NGO News Desk :: The Unnayan Onneshan (UO), an independent multidisciplinary think tank, in its post- budget issue of monthly Bangladesh Economic Update reveals that declining allocation for health and education is likely to hinder the achievement of the country’s development targets.
The UO in its monthly publication notes that expenditure on health and education in Bangladesh is quite low vis-à-vis other developing countries. Allocation for non-development expenditure on both sectors comprises the large portion of the total allocation resulting in inadequate allocation for development expenditure. In addition, poor implementation status of Annual Development Programme (ADP) in the Ministry of Health and Family Planning and the Ministry of Education poses challenge to the development of these two sectors.
In view of the current challenges in the development of health and education sectors, the think tank finds three major issues that characterize the two sectors. These are – structural inequality emanating from socioeconomic differentials, lack of universal coverage in the provision of social services, and social inequality due to citizens’ lack of access to social services.
The research organisation says that Bangladesh lags behind other developing countries in accumulating public spending adequately to provide its citizens with necessary social services while the allocations for social sectors, particularly education and health, as percentage of total programme expenditure have been on the decline in recent years.
Statistics suggest that for education and technology, the budget allocation has declined by 1.5 percentage point and been proposed as 11.6 percent of the total budget outlay in FY 2015-16 compared to 13.1 percent in FY 2014-15. Allocation for health also declined by 0.1 percentage point from 4.4 percent of the total budget in FY 2014-15 to 4.3 percent in FY 2015-16.
The think tank finds that Bangladesh lags behind other developing countries in regard to health expenditure as percentage of GDP. In 2013, the actual allocation for health in Bangladesh stood at only 3.7 percent, whereas it was 4 percent in India, 6 percent in Vietnam, 6 percent in Nepal, 7.5 percent in Cambodia, and 10.8 percent in Maldives.
Consequently the per capita health expenditure is also quite low in Bangladesh vis-à-vis the other developing economies. For instance, the per capita health expenditure in Bangladesh stood at USD 32 while it was USD 61 in India, USD 111 in Vietnam, USD 39 in Nepal, USD 76 in Cambodia, and USD 720 in Maldives.
The UO further demonstrates that the out-of-pocket health expenditure as percentage of private expenditure on health is much higher in Bangladesh than in other developing countries. In 2013, the out-of-pocket health expenditure as percentage of private expenditure on health was 93 percent in Bangladesh compared to 85.9 percent in India, 85 percent in Vietnam, 81.4 percent in Nepal, 75.1 percent in Cambodia, and 88.3 percent in Maldives.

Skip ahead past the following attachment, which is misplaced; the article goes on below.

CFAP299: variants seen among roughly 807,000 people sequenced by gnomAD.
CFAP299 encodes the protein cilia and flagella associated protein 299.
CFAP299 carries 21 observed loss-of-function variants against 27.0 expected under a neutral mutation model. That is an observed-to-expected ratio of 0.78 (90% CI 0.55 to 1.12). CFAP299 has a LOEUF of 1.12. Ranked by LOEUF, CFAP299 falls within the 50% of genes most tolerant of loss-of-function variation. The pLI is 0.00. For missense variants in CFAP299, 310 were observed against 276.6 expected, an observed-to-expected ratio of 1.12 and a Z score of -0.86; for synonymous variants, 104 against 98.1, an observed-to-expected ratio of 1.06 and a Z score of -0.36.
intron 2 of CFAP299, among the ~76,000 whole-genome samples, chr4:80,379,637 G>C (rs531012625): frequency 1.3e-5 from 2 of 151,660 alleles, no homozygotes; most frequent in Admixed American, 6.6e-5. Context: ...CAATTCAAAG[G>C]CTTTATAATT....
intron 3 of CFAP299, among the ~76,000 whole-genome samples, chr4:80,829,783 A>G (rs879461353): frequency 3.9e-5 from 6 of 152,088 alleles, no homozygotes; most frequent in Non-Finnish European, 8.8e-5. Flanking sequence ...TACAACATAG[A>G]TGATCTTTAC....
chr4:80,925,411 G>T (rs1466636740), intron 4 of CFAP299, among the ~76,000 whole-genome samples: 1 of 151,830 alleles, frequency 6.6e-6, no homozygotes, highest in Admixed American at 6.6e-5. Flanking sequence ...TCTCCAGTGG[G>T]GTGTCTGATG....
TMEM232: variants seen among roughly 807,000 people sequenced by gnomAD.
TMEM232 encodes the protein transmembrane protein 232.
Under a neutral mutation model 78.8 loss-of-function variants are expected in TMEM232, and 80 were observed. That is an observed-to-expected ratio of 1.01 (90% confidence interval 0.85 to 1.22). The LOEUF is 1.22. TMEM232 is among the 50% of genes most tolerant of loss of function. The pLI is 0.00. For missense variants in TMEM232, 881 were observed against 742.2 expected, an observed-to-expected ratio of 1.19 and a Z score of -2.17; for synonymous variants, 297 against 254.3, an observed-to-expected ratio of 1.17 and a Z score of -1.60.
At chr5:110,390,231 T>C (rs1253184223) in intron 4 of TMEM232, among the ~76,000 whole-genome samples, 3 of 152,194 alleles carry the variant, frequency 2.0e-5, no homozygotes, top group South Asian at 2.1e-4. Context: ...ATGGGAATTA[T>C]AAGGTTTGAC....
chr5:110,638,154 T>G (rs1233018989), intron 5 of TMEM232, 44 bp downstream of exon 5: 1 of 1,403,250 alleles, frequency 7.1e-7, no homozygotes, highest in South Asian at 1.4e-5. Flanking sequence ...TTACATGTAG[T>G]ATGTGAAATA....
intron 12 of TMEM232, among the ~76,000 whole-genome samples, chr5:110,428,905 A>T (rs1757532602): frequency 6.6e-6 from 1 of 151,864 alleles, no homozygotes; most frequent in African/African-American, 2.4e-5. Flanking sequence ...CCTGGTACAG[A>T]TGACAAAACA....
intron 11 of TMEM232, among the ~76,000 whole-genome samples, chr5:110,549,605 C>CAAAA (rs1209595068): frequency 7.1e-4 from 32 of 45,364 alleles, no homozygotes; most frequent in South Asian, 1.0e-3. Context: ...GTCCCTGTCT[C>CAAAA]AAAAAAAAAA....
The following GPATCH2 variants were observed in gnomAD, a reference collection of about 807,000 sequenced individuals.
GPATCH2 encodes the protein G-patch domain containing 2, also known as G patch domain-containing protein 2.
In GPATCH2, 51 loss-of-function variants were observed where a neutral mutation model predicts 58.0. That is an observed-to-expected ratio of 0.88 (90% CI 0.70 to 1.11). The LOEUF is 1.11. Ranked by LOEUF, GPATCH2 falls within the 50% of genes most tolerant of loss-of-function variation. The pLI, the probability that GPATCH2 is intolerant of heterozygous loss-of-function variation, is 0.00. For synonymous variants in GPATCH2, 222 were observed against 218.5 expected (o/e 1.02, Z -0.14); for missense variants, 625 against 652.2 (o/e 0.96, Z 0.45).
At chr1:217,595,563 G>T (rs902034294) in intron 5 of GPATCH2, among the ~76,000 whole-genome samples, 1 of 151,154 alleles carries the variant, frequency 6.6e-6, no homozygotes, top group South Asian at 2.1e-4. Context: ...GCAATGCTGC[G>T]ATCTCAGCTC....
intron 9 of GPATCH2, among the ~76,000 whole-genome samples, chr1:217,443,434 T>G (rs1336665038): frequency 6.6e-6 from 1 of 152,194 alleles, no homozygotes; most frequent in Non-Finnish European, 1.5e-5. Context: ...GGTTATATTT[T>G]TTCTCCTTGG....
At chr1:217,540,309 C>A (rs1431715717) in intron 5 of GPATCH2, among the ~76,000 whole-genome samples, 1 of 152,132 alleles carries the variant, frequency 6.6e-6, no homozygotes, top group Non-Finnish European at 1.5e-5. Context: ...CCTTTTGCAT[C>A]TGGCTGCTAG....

The research organisation evinces that in 2013, the public spending stood at 32.21 percent of GDP in the developing and emerging economies, whereas Bangladesh accumulated only 16.79 percent of its GDP as public spending. The volume of public spending is far lower in Bangladesh than in its two neighboring countries – India and Myanmar, whose public spending as percentage of GDP reached 27.26 percent and 27.18 percent respectively in 2013.
Statistics suggest that the actual allocations as percentage of the total programme expenditure for education and technology were 17.1 percent, 16.9 percent, 18.6 percent, 18.4 percent, 16.6 percent, and 16.1 percent in FY08, FY09, FY10, FY11, FY12, and FY13 respectively. In FY14, the revised allocation stood at 16.3 percent, whereas in FY15, the budgeted allocation stood at 15.6 percent. Projection says that the allocations may stand at 15.5 and 15.6 percent in FY16 and FY17 respectively.
The think tank demonstrates that the actual allocations for health as percentage of the total programme expenditure were 7.2 percent, 7.1 percent, 7.3 percent, 7.1 percent, 6.6 percent, and 6.4 percent in FY08, FY09, FY10, FY11, FY12, and FY13 respectively. In FY14, the revised allocation stood at 5.7 percent, whereas in FY15, the budgeted allocation stood at 5.3 percent. Projection suggests that the allocations may stand at 5.3 and 5.4 percent in FY16 and FY17 respectively.
Referring to the substantial gap between the allocations of non-development and development budget for health and education, the think tank shows that in FY 2015-16, Tk. 66.81 billion has been allocated as non-development expenditure on health compared to Tk. 53.24 as development expenditure. In the same vein, Tk. 200.44 billion has been allocated as non-development expenditure on education and technology in FY 2015-16, whereas development expenditure has stood at Tk. 121.26 billion.
Noting the poor implementation status of ADP in health and education sectors, the think tank finds that during July’14 – May’15 period of FY 2014-15, the implementation of revised ADP has been only 56 percent in the ministry of health and family planning and 64 percent in the ministry of education.